Routine: A response effect where respondents start scoring a series of rating scale questions with the same response without really reading the question and considering their true feelings. Introduces measurement error into the data.
Sample, Sampling: A subset of the population that is selected to receive invitations to participate in the survey. Sampling may be either probabilistic (every member having an equal chance of selection) or non-probabilistic.
Sample Bias: Results when creation of the sampling frame excludes a certain type of person, leading to a bias in the sample selected and thus to the respondent sample. For example, tasking contact center agents to invite customers to participate in a survey of their experience likely will mean that interactions that did not go well would not receive the invitation. Very similar to a selection bias.
Sample Statistics: Calculated statistics from the Respondent Sample which are presented as indications of the Population Parameters. In other words, the sample statistics are indications of how the entire group of interest would have responded, with some degree of sampling error — and probably some degree of sample and selection bias.
Sampling Error: The error introduced into our survey results by the fact that the data are from a sample rather than from the entire population. The difference between the sample mean and the population mean results from sampling error. Statistical accuracy provides an indication of the level of sampling error.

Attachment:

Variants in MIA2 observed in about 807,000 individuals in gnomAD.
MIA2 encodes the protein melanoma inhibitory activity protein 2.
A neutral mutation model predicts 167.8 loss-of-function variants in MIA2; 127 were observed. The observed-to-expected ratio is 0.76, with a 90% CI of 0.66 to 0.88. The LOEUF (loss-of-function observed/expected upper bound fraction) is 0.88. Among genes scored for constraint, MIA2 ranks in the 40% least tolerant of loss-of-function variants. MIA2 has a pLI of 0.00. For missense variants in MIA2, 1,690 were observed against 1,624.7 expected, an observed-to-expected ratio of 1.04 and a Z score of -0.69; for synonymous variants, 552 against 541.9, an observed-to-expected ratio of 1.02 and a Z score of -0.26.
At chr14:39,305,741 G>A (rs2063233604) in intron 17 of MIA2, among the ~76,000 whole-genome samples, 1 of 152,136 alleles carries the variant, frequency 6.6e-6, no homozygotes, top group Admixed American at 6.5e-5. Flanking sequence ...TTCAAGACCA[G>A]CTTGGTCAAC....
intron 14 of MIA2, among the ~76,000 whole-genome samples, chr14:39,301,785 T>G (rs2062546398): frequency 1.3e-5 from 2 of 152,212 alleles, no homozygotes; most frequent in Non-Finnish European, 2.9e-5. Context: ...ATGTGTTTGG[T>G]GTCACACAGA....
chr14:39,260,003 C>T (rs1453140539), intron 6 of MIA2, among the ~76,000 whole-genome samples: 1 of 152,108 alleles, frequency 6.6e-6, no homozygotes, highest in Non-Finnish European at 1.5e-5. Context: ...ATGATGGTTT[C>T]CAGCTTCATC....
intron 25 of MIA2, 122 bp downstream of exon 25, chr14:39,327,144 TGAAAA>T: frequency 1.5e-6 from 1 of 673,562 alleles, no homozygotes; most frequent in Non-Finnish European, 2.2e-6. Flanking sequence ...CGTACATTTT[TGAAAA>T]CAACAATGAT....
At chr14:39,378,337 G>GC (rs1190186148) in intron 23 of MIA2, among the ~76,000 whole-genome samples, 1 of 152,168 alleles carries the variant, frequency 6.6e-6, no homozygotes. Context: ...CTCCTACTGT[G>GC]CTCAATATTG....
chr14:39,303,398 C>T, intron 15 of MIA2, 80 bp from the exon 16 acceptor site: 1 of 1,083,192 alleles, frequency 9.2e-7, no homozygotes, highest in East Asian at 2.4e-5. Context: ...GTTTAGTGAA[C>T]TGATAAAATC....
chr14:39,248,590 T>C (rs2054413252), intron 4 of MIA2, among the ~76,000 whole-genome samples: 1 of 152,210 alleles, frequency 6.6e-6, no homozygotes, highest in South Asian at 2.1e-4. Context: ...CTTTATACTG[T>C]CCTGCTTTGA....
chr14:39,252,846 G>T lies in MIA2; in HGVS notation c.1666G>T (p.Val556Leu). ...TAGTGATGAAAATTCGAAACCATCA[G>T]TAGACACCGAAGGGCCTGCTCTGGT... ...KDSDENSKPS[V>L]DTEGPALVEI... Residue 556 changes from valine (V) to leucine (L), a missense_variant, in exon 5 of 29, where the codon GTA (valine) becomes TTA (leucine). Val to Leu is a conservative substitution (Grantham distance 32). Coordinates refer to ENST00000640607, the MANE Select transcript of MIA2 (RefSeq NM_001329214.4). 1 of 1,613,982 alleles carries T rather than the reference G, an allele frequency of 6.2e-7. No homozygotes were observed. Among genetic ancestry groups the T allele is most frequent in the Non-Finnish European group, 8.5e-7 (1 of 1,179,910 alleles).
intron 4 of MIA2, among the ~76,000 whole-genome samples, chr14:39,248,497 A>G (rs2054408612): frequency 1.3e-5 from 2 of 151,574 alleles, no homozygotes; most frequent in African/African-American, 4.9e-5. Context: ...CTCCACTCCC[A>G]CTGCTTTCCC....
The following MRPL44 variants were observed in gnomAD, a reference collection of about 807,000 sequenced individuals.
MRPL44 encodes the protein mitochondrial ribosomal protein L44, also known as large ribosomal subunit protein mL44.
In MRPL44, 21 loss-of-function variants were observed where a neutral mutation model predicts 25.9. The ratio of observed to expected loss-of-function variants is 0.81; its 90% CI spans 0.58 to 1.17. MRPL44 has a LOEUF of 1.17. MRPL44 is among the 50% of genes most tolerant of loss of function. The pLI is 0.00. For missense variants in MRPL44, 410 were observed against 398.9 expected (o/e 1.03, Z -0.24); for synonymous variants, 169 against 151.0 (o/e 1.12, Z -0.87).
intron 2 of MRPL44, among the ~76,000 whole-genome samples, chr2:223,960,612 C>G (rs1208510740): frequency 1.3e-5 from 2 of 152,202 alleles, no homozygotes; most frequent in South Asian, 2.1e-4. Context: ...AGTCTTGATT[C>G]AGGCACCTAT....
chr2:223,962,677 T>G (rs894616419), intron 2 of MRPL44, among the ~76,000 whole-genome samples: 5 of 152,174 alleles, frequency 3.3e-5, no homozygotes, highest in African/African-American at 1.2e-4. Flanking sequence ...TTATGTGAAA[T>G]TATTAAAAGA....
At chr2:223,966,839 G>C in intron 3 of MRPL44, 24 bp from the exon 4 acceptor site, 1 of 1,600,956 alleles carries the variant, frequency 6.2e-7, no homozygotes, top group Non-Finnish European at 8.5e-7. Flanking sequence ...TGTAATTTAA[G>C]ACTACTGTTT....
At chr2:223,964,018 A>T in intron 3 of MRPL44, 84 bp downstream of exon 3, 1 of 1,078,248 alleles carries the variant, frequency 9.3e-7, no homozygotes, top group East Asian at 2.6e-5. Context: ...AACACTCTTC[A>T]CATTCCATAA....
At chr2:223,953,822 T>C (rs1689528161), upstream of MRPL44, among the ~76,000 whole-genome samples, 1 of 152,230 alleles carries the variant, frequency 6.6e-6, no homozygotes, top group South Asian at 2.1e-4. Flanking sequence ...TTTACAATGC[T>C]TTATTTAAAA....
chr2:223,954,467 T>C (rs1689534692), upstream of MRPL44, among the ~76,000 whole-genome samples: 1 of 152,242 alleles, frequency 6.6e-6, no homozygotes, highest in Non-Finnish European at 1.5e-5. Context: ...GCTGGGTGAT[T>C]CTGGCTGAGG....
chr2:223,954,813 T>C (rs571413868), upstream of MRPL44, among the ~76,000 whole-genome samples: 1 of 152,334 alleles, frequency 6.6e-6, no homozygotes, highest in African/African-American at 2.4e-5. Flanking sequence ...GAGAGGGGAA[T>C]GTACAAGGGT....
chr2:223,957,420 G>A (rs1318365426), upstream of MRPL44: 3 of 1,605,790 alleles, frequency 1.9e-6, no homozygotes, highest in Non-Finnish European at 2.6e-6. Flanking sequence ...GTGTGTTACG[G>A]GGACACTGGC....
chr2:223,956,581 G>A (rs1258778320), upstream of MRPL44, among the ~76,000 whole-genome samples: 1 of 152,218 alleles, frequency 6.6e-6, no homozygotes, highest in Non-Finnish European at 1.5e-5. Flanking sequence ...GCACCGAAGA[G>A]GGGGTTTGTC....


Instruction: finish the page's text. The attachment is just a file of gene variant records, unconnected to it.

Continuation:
Sampling Frame: A subset of the population from which the sample is drawn. Sampling frames are used where it is not possible or impractical to draw the sample from the entire population. For example, if we do not have contact information for some people in the population, then the sampling frame would exclude those names lacking contact information.
Satisficing: A concept from information theory where people select a “satifactory” answer, but not the optimal answer. When presented with a long list of options from which to select, something that causes “fatigue,” the respondent may select the first, good-enough answer to save time and move on.
Scales: In common survey usage, a scale is an ordered series of response options, presented verbally, numerically, or ideographically, from which the respondents select to indicate their level of feeling about the attribute being measured. More properly a scale is a composite score of a number of survey questions that each measure the same attribute. For example, a final exam for a class is a scaled score from multiple questions that measure the students knowledge of the subject matter.
Segmentation Analysis: In addition to analyzing the survey data set as a whole, analysis is typically desired for specific segments of the population found by slicing the data set along demographic variables. Common segments are: by income level, by gender, by length of relationship (customer, employee, etc.), and frequency of experience some phenomenon.